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Matthew Devlin, Ex-Lehman Broker Who Stole Business Secrets From Wife, Avoids Prison

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* Devlin stole secrets from PR executive wife

* Helped convict four friends of insider trading

By Grant McCool

NEW YORK, March 23 (Reuters) - A former Lehman Brothers broker who stole corporate secrets from his executive wife and shared them with friends avoided a prison term on Friday, with the judge describing his crime as a "tragic and senseless" act for a gain of just $23,000.

Matthew Devlin, 38, pleaded guilty more than three years ago to insider trading and cooperated with authorities - sometimes wearing a recording device - to help convict four people and obtain civil judgments against two others.

U.S. District Judge William Pauley in New York sentenced Devlin to three years' probation when he could have been imprisoned for almost four years.

"He betrayed the trust of everyone ... All of it completely tragic and senseless for a sum of money that to his benefit was a rounding error in his compensation," Pauley said.

The case was not linked to the high-profile U.S. investigation of insider trading at the Galleon Group hedge fund, but it is one of dozens of insider trading prosecutions in New York in recent years.

Devlin's case was made public in December 2008 with tawdry details about his betrayal of his wife, public relations executive Nina Devlin. By listening to her conversations and assessing the implications of her travel schedule, he illegally obtained corporate secrets without her knowledge.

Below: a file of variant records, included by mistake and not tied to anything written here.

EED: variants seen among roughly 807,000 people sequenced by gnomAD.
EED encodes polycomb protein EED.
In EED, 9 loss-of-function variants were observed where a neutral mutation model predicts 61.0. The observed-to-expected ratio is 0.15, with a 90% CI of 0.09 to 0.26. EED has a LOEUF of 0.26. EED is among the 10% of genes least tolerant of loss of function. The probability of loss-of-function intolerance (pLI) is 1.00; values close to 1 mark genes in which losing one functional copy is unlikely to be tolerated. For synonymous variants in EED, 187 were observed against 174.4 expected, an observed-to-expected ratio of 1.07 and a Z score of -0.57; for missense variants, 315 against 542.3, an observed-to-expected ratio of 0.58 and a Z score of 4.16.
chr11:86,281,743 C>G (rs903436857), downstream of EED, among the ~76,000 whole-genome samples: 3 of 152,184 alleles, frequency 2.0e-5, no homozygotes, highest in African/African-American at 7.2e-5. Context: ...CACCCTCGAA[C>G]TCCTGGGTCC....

Devlin received $23,000 in cash and gifts from friends for sharing stock tips with them, according to court documents. The deals included Novartis AG's acquisition of Eon Labs in 2005, Electronic Arts Inc's hostile bid in 2008 for Take-Two Interactive Software Inc and InBev's acquisition of Anheuser-Busch.

Nina Devlin was an executive at Brunswick Group who worked with clients on mergers and acquisitions. She was not accused of any wrongdoing and is no longer working at the firm.

Devlin worked for Lehman for eight years, continued with Barclays after Lehman's September 2008 collapse and he is now the primary care provider for the couple's three year-old son. Lehman emerged from bankruptcy 2-1/2 weeks ago, but Devlin's career in the financial industry was destroyed by his offences.

Four of his friends made millions trading on the inside information, the office of the Manhattan U.S. Attorney said. Prosecutor Reed Brodsky asked the judge to show leniency toward Devlin because he helped convict the four men.

Devlin's lawyer, Mary Mulligan, asked the judge to sentence him to one year's probation.

Devlin, in tears, told the judge at the sentencing proceeding that his conduct was "reckless, selfish and inexcusable" and that he had spent the last 3-1/2 years trying to repair the damage.

The four who pleaded guilty based on evidence provided by Devlin were Miami day traders Jamil Bouchareb and Daniel Corbin, former Lehman broker Frederick Bowers and Eric Holzer, a former tax lawyer at Paul, Hastings, Janofsky & Walker in New York.

The case is USA v Devlin, U.S. District Court for the Southern District of New York, No. 08-01307


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